More than you can possibly imagine.

The rest I'm saving for Bank Street.

If you've read through to this point, you are probably one of my faithful readers. So if you're also someone who lives near New York City and has been wanting to get your collection of books autographed, here's your chance: Following the awards ceremony, BSCE is having a booksale/signing, So come. Bring your stacks. I will make sure they get signed. 

And don't worry - I'll leave the pipe wrench and coveralls at home. 

As always, thanks for stopping by. See you in the comments!

Sunday, March 5, 2017

Flipped Audio GIveaway

There's a lot of stressful stuff going on here this week. It has me in a time crunch...but there's always time to give away something, right?  

So...who wants Listening Library's newly released Flipped audio book? 

It's six CDs in a nifty case and it's been awarded an  AudioFile Magazine Earphone Award, which means that Tara Sands (who voiced Juli's parts) and Ryan Gesell (who did the voice of Bryce) are amazing in this...and they are!

Closing things out on Disc 6 is the new bonus material, which addresses demands for a sequel, and shares some behind the scenes stuff about the book-to-movie experience. 

Since I wrote that part for the anniversary edition like a long letter to my readers, Listening Library thought it would make sense to have it narrated by, well, me, which I wrote about back in November.

I was afraid to listen to that part, but today I finally did. And you know what?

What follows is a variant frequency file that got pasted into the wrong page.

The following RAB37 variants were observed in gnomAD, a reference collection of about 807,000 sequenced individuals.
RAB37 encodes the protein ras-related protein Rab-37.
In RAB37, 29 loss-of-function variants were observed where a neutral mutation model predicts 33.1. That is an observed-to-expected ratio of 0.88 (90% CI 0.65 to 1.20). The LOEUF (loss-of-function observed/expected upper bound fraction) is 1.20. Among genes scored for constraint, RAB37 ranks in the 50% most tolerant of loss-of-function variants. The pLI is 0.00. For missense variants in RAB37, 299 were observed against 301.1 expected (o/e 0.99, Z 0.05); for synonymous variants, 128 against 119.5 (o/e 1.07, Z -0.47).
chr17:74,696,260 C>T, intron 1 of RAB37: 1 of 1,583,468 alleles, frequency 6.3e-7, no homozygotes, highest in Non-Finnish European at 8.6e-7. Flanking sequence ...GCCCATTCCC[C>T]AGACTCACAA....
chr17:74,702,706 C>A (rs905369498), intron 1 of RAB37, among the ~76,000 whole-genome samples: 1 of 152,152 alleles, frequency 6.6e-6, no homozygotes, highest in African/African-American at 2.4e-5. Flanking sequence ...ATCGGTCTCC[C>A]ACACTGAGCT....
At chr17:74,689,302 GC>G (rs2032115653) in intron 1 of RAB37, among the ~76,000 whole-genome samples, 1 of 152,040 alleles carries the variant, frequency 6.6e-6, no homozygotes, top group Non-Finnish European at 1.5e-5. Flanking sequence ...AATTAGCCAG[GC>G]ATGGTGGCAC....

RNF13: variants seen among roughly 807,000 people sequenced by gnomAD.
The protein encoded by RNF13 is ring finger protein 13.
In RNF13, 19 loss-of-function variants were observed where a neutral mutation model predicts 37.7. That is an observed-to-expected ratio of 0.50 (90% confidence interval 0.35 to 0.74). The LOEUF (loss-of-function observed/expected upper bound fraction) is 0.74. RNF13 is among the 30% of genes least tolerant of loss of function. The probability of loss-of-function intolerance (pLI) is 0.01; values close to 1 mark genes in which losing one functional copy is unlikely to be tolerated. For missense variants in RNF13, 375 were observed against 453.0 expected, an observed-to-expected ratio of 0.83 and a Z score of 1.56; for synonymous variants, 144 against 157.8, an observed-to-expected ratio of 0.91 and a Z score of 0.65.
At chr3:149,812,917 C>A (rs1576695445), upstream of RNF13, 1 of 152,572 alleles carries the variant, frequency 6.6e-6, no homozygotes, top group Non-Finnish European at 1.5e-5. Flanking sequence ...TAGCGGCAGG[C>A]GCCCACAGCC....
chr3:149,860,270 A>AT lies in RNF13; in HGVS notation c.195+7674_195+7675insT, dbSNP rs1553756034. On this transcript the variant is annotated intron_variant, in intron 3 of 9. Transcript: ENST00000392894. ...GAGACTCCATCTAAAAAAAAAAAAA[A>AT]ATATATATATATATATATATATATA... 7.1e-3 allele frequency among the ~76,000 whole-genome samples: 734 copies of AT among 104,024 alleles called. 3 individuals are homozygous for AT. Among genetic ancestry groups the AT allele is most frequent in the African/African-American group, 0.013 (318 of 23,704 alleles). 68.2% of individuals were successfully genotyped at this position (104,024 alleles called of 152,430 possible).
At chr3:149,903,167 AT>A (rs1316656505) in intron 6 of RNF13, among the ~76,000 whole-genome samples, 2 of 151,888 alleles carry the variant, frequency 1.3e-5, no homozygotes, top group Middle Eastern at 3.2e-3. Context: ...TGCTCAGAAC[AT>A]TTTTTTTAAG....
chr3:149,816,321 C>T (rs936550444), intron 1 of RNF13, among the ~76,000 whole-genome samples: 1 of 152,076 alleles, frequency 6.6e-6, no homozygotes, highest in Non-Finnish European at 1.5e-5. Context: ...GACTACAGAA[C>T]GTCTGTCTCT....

I made myself laugh a few times!

So that's a good, right?

If you want to enter the drawing, all you have to do is leave a comment at this post (below) where you share one of your favorite scenes or a quote from ANY of my books. It doesn't have to be long or fancy--just tell me what made you laugh, cry, think, whatever. If you have two favorites, leave two separate comments, but no more than two entries per person. It'll be fun for me to see what resonated with you, so please do enter!

Deadline is midnight (PST) on Friday, March 10th. I'll print the comments, cut them into strips, and pick a winner "from the hat." The winner will be announced right here next weekend and I'll get that person's mailing address afterwards via email. (Due to shipping complications, USA residents only, sorry!)  

Oh, and you know me -- I'll cram the box full of an assortment of signed books, and I'll make sure that a copy of the Flipped anniversary edition is among them.

Thanks for checking in and for playing along. Good luck, and I'll see you in the comments!